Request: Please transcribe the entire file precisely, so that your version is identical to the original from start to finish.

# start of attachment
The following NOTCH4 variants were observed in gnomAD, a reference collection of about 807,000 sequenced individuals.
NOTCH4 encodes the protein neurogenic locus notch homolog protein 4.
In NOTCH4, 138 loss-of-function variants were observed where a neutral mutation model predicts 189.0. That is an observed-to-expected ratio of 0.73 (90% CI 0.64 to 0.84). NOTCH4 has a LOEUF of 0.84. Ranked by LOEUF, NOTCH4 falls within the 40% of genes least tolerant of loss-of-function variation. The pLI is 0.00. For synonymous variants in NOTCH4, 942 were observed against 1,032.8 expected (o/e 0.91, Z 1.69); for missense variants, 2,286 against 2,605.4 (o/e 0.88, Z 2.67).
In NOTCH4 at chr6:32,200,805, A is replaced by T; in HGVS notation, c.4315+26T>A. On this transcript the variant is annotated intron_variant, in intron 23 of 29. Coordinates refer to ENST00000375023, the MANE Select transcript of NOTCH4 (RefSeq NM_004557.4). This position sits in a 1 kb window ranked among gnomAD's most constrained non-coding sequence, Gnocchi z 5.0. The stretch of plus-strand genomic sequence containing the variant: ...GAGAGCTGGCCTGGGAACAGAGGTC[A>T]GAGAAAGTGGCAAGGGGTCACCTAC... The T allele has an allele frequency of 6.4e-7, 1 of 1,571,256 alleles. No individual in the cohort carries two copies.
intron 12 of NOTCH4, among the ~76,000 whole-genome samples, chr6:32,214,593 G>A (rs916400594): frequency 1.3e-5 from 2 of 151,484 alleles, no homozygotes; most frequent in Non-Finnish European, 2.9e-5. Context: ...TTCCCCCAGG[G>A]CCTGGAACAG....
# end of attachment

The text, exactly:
The following NOTCH4 variants were observed in gnomAD, a reference collection of about 807,000 sequenced individuals.
NOTCH4 encodes the protein neurogenic locus notch homolog protein 4.
In NOTCH4, 138 loss-of-function variants were observed where a neutral mutation model predicts 189.0. That is an observed-to-expected ratio of 0.73 (90% CI 0.64 to 0.84). NOTCH4 has a LOEUF of 0.84. Ranked by LOEUF, NOTCH4 falls within the 40% of genes least tolerant of loss-of-function variation. The pLI is 0.00. For synonymous variants in NOTCH4, 942 were observed against 1,032.8 expected (o/e 0.91, Z 1.69); for missense variants, 2,286 against 2,605.4 (o/e 0.88, Z 2.67).
In NOTCH4 at chr6:32,200,805, A is replaced by T; in HGVS notation, c.4315+26T>A. On this transcript the variant is annotated intron_variant, in intron 23 of 29. Coordinates refer to ENST00000375023, the MANE Select transcript of NOTCH4 (RefSeq NM_004557.4). This position sits in a 1 kb window ranked among gnomAD's most constrained non-coding sequence, Gnocchi z 5.0. The stretch of plus-strand genomic sequence containing the variant: ...GAGAGCTGGCCTGGGAACAGAGGTC[A>T]GAGAAAGTGGCAAGGGGTCACCTAC... The T allele has an allele frequency of 6.4e-7, 1 of 1,571,256 alleles. No individual in the cohort carries two copies.
intron 12 of NOTCH4, among the ~76,000 whole-genome samples, chr6:32,214,593 G>A (rs916400594): frequency 1.3e-5 from 2 of 151,484 alleles, no homozygotes; most frequent in Non-Finnish European, 2.9e-5. Context: ...TTCCCCCAGG[G>A]CCTGGAACAG....